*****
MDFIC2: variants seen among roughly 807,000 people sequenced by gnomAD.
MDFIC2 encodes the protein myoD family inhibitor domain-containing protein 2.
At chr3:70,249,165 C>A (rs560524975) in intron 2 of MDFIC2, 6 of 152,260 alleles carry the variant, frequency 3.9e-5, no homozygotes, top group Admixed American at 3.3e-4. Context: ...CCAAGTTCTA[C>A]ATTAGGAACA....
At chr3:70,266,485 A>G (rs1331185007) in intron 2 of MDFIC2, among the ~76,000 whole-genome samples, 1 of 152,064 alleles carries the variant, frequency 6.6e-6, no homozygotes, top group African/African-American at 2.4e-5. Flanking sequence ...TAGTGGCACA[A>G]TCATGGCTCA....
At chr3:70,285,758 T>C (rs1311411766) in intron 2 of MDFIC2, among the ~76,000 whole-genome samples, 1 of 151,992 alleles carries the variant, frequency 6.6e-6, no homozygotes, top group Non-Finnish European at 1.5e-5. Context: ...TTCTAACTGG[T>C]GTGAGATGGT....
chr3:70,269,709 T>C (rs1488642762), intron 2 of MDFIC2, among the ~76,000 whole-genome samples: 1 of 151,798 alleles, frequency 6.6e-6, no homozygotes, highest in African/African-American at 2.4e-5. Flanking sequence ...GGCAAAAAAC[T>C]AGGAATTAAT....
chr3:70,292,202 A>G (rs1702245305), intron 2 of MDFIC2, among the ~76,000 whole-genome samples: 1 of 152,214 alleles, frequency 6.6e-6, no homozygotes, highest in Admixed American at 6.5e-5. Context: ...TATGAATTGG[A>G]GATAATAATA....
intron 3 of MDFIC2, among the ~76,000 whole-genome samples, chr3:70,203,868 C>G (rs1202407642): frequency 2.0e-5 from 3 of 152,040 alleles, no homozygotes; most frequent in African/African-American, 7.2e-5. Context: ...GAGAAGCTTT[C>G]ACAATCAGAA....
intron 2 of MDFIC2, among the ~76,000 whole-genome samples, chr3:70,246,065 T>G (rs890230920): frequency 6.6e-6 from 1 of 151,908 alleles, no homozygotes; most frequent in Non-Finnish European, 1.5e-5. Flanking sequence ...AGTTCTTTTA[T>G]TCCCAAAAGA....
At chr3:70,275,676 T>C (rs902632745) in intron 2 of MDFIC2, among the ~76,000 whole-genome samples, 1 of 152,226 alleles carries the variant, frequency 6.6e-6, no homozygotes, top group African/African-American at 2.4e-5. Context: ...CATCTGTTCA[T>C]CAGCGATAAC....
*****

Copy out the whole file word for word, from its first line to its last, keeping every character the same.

MDFIC2: variants seen among roughly 807,000 people sequenced by gnomAD.
MDFIC2 encodes the protein myoD family inhibitor domain-containing protein 2.
At chr3:70,249,165 C>A (rs560524975) in intron 2 of MDFIC2, 6 of 152,260 alleles carry the variant, frequency 3.9e-5, no homozygotes, top group Admixed American at 3.3e-4. Context: ...CCAAGTTCTA[C>A]ATTAGGAACA....
At chr3:70,266,485 A>G (rs1331185007) in intron 2 of MDFIC2, among the ~76,000 whole-genome samples, 1 of 152,064 alleles carries the variant, frequency 6.6e-6, no homozygotes, top group African/African-American at 2.4e-5. Flanking sequence ...TAGTGGCACA[A>G]TCATGGCTCA....
At chr3:70,285,758 T>C (rs1311411766) in intron 2 of MDFIC2, among the ~76,000 whole-genome samples, 1 of 151,992 alleles carries the variant, frequency 6.6e-6, no homozygotes, top group Non-Finnish European at 1.5e-5. Context: ...TTCTAACTGG[T>C]GTGAGATGGT....
chr3:70,269,709 T>C (rs1488642762), intron 2 of MDFIC2, among the ~76,000 whole-genome samples: 1 of 151,798 alleles, frequency 6.6e-6, no homozygotes, highest in African/African-American at 2.4e-5. Flanking sequence ...GGCAAAAAAC[T>C]AGGAATTAAT....
chr3:70,292,202 A>G (rs1702245305), intron 2 of MDFIC2, among the ~76,000 whole-genome samples: 1 of 152,214 alleles, frequency 6.6e-6, no homozygotes, highest in Admixed American at 6.5e-5. Context: ...TATGAATTGG[A>G]GATAATAATA....
intron 3 of MDFIC2, among the ~76,000 whole-genome samples, chr3:70,203,868 C>G (rs1202407642): frequency 2.0e-5 from 3 of 152,040 alleles, no homozygotes; most frequent in African/African-American, 7.2e-5. Context: ...GAGAAGCTTT[C>G]ACAATCAGAA....
intron 2 of MDFIC2, among the ~76,000 whole-genome samples, chr3:70,246,065 T>G (rs890230920): frequency 6.6e-6 from 1 of 151,908 alleles, no homozygotes; most frequent in Non-Finnish European, 1.5e-5. Flanking sequence ...AGTTCTTTTA[T>G]TCCCAAAAGA....
At chr3:70,275,676 T>C (rs902632745) in intron 2 of MDFIC2, among the ~76,000 whole-genome samples, 1 of 152,226 alleles carries the variant, frequency 6.6e-6, no homozygotes, top group African/African-American at 2.4e-5. Context: ...CATCTGTTCA[T>C]CAGCGATAAC....